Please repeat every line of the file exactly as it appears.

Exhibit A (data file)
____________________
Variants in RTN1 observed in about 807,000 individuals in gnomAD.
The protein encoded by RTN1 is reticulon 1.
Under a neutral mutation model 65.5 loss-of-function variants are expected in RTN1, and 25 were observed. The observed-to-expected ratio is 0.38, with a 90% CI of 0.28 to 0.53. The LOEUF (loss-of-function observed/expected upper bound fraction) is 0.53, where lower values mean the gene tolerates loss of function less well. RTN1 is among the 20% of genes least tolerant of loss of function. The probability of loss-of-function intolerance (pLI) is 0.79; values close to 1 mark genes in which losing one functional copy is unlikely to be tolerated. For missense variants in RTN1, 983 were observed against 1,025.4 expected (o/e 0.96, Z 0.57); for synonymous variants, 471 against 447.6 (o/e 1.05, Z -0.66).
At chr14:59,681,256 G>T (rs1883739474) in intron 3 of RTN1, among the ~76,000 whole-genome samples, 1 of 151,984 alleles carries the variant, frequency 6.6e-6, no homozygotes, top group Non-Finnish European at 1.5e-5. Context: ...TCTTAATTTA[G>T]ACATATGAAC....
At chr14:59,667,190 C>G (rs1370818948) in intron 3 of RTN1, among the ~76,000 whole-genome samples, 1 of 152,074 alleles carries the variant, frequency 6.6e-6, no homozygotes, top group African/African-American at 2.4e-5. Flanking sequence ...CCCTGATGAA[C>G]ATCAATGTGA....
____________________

Variants in RTN1 observed in about 807,000 individuals in gnomAD.
The protein encoded by RTN1 is reticulon 1.
Under a neutral mutation model 65.5 loss-of-function variants are expected in RTN1, and 25 were observed. The observed-to-expected ratio is 0.38, with a 90% CI of 0.28 to 0.53. The LOEUF (loss-of-function observed/expected upper bound fraction) is 0.53, where lower values mean the gene tolerates loss of function less well. RTN1 is among the 20% of genes least tolerant of loss of function. The probability of loss-of-function intolerance (pLI) is 0.79; values close to 1 mark genes in which losing one functional copy is unlikely to be tolerated. For missense variants in RTN1, 983 were observed against 1,025.4 expected (o/e 0.96, Z 0.57); for synonymous variants, 471 against 447.6 (o/e 1.05, Z -0.66).
At chr14:59,681,256 G>T (rs1883739474) in intron 3 of RTN1, among the ~76,000 whole-genome samples, 1 of 151,984 alleles carries the variant, frequency 6.6e-6, no homozygotes, top group Non-Finnish European at 1.5e-5. Context: ...TCTTAATTTA[G>T]ACATATGAAC....
At chr14:59,667,190 C>G (rs1370818948) in intron 3 of RTN1, among the ~76,000 whole-genome samples, 1 of 152,074 alleles carries the variant, frequency 6.6e-6, no homozygotes, top group African/African-American at 2.4e-5. Flanking sequence ...CCCTGATGAA[C>G]ATCAATGTGA....